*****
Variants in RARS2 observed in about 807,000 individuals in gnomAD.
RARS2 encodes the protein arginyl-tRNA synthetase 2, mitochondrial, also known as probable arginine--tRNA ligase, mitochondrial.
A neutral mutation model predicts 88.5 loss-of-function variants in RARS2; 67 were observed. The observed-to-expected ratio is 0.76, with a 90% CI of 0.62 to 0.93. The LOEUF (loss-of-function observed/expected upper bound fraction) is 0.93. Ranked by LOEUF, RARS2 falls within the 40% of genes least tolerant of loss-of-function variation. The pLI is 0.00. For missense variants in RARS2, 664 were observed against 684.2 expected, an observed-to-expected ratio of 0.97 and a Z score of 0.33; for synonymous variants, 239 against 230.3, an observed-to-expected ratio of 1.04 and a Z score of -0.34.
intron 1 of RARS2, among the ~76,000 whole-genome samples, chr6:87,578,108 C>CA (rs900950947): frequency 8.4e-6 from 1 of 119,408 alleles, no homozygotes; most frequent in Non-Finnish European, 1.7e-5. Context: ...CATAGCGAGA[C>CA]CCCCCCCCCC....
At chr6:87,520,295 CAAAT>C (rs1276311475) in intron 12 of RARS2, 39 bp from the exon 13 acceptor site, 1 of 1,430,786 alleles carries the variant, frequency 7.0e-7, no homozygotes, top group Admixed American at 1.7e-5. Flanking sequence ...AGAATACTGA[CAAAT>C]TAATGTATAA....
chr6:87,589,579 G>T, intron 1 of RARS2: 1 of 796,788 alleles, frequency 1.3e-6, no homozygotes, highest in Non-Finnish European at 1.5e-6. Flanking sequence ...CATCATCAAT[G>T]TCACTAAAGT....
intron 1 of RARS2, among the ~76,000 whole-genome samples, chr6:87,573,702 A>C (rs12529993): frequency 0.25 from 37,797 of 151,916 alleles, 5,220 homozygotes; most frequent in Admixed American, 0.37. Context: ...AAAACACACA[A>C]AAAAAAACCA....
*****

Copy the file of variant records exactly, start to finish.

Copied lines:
Variants in RARS2 observed in about 807,000 individuals in gnomAD.
RARS2 encodes the protein arginyl-tRNA synthetase 2, mitochondrial, also known as probable arginine--tRNA ligase, mitochondrial.
A neutral mutation model predicts 88.5 loss-of-function variants in RARS2; 67 were observed. The observed-to-expected ratio is 0.76, with a 90% CI of 0.62 to 0.93. The LOEUF (loss-of-function observed/expected upper bound fraction) is 0.93. Ranked by LOEUF, RARS2 falls within the 40% of genes least tolerant of loss-of-function variation. The pLI is 0.00. For missense variants in RARS2, 664 were observed against 684.2 expected, an observed-to-expected ratio of 0.97 and a Z score of 0.33; for synonymous variants, 239 against 230.3, an observed-to-expected ratio of 1.04 and a Z score of -0.34.
intron 1 of RARS2, among the ~76,000 whole-genome samples, chr6:87,578,108 C>CA (rs900950947): frequency 8.4e-6 from 1 of 119,408 alleles, no homozygotes; most frequent in Non-Finnish European, 1.7e-5. Context: ...CATAGCGAGA[C>CA]CCCCCCCCCC....
At chr6:87,520,295 CAAAT>C (rs1276311475) in intron 12 of RARS2, 39 bp from the exon 13 acceptor site, 1 of 1,430,786 alleles carries the variant, frequency 7.0e-7, no homozygotes, top group Admixed American at 1.7e-5. Flanking sequence ...AGAATACTGA[CAAAT>C]TAATGTATAA....
chr6:87,589,579 G>T, intron 1 of RARS2: 1 of 796,788 alleles, frequency 1.3e-6, no homozygotes, highest in Non-Finnish European at 1.5e-6. Flanking sequence ...CATCATCAAT[G>T]TCACTAAAGT....
intron 1 of RARS2, among the ~76,000 whole-genome samples, chr6:87,573,702 A>C (rs12529993): frequency 0.25 from 37,797 of 151,916 alleles, 5,220 homozygotes; most frequent in Admixed American, 0.37. Context: ...AAAACACACA[A>C]AAAAAAACCA....